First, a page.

The knowledge-as-possession perspective is, however, manifested in the Mercedes Benz Company through the incorporation of network optimization in the supply chain system. Through the process, the respective personnel at the different stages in the supply chain receive the prerequisite information regarding the innovation being developed and after the receipt, they do their part in ensuring the completion of the project. For instance, the personnel charged with the task of producing and supplying different vehicles are given the respective designs for the specific parts that are to be reproduced (Ludwig, 2018). They are not given the entire design of the vehicle. This means that certain aspects of knowledge with respect to the novelty innovation being produced remain in the purview of only the design team. It is important to note herein that the company has 32 assembly and component parts and the company’s industrial network is operated through these divisions (Ludwig, 2018). Each division receives guidelines on the respective parts being produced. However, the entire designs/ innovations remain with the design team. Through this mode of operation, it is apparent that the company still holds on to the perspective of knowledge as a possession.

The company has significantly moved to foster digitalization in its operational system as well as in its supply chain system. From the point of design to development, and to production, the company is working towards ensuring that there is a consistent movement towards digitalization (Ludwig, 2018). The company’s digitalization ideal leads to the advancement of both the knowledge as possession and knowledge-as-practice ideals. As a result of digitalization, for instance, the company has commenced the use of robots in the development and production stages of the supply chain process (Ludwig, 2018). Although currently the use of robots and human resource is synchronized since the development and production process is done either by the employees or by the robots, there is an inherent fear that the continued usage of robots will likely have an adverse effect on human resource. As illustrated above, the knowledge-as-practice perspective acknowledges that knowledge is developed and well-understood through daily practice and social connections primarily between humans. If gradually, the robots replace human resource, it is imperative that knowledge will no longer be shared as envisaged by the aforementioned perspective. It is therefore arguable that through the use of robots, the company is gradually moving towards partially or holistically adopting the knowledge as possession view.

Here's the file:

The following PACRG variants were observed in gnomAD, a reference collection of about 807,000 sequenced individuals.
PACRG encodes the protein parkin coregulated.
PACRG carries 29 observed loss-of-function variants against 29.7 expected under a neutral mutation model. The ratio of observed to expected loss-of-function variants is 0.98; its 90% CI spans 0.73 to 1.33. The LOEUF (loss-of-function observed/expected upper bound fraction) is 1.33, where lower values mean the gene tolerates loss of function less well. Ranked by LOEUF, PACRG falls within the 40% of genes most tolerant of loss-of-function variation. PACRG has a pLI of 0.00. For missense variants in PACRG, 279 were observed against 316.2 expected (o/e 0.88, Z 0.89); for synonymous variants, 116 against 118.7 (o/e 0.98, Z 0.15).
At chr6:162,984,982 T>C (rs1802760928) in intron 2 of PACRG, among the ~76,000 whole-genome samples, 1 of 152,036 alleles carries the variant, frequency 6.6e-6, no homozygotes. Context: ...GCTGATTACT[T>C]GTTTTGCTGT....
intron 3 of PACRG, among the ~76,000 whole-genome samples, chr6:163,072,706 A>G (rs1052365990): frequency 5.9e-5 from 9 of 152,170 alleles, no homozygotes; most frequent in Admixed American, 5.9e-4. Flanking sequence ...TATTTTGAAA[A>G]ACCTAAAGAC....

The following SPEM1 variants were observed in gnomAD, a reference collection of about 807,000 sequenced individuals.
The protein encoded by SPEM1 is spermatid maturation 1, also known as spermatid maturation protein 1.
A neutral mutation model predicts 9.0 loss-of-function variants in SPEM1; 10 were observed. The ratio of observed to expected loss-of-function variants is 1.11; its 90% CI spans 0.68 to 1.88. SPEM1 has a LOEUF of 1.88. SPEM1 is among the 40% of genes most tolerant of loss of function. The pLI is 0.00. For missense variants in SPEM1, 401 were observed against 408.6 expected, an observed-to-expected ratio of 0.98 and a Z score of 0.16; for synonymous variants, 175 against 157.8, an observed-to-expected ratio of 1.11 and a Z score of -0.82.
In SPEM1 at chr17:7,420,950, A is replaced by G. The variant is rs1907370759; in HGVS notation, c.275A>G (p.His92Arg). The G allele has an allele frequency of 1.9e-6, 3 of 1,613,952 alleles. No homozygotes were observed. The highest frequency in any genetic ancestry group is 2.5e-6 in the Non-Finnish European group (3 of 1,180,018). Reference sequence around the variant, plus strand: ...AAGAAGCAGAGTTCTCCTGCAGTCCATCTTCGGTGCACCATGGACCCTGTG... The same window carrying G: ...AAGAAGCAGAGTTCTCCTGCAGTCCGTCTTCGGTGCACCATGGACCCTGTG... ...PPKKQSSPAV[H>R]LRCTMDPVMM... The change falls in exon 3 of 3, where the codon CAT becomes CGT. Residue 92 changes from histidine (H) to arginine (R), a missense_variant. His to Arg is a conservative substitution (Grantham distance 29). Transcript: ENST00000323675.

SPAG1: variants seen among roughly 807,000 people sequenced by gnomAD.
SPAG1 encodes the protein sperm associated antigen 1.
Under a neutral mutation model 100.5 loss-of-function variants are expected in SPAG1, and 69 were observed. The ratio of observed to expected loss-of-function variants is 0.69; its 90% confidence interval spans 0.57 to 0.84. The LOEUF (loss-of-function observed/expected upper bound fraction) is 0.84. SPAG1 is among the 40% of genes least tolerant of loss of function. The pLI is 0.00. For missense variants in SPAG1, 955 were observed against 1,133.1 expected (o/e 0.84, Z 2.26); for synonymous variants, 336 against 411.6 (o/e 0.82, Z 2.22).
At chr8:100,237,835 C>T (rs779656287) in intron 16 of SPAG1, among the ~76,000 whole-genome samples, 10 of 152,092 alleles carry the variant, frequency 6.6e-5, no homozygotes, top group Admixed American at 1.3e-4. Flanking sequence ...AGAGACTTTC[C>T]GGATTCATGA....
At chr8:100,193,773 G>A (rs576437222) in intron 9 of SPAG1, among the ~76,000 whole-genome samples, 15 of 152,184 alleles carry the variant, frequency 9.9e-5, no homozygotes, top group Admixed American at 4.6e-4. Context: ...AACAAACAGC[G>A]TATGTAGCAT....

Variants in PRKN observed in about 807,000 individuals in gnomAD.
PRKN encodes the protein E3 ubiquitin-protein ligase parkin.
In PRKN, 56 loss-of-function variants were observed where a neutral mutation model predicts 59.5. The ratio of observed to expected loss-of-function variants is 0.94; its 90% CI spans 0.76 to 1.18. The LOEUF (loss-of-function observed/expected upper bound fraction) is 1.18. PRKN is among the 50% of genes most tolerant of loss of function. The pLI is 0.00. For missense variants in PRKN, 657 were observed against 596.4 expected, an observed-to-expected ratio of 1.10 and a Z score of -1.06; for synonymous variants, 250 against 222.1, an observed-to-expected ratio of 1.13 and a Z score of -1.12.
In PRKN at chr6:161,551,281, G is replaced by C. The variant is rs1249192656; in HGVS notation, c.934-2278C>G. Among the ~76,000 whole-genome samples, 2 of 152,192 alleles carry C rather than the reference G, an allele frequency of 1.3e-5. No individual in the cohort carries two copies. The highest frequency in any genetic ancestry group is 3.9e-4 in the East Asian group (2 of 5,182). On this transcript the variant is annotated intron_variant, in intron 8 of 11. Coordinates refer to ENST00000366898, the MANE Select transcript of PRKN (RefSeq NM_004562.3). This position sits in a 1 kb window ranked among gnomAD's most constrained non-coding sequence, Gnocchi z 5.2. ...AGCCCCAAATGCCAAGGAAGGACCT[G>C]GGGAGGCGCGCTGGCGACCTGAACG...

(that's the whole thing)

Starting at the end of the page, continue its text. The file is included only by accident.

Technological advancement, heightened global trade and competition, and new managerial structures have significantly changed the management of knowledge in automobile companies. There are two primary perspectives that are used in the management of knowledge in the Mercedes Benz Company and they include; “knowledge as possession” and “knowledge as practice.” The latter lays emphasis on the fact that knowledge ought to be within the purview of a certain class of people within the organization, whereas, the former pays credence to the fact that knowledge is well developed in the course of social interactions. These two ideas are equally used in the management of innovation in the company’s supply chain system.




Adler, D. (2008). Mercedes-Benz. Motorbooks.

Filstad, C., & Blåka, G. (2007). Learning in Organizations. Oslo:Cappelen.

Haugland, A., M. (2012). Reflective Practices as a Way of Learning in Organizations. BI Norwegian Business School. Retrieved from


Long, B. (2015). Mercedes-Benz SL: R230 Series 2001 to 2011. Veloce Publishing Ltd.

Ludwig, C. (2018). Mercedes-Benz: Taking an end-to-end Approach. Automotive Logistics. Retrieved from












Appendix A:

Communication Plan for an Inpatient Unit to Evaluate the Impact of Transformational Leadership Style Compared to Other Leader Styles such as Bureaucratic and Laissez-Faire Leadership in Nurse Engagement, Retention, and Team Member Satisfaction Over the Course of One Year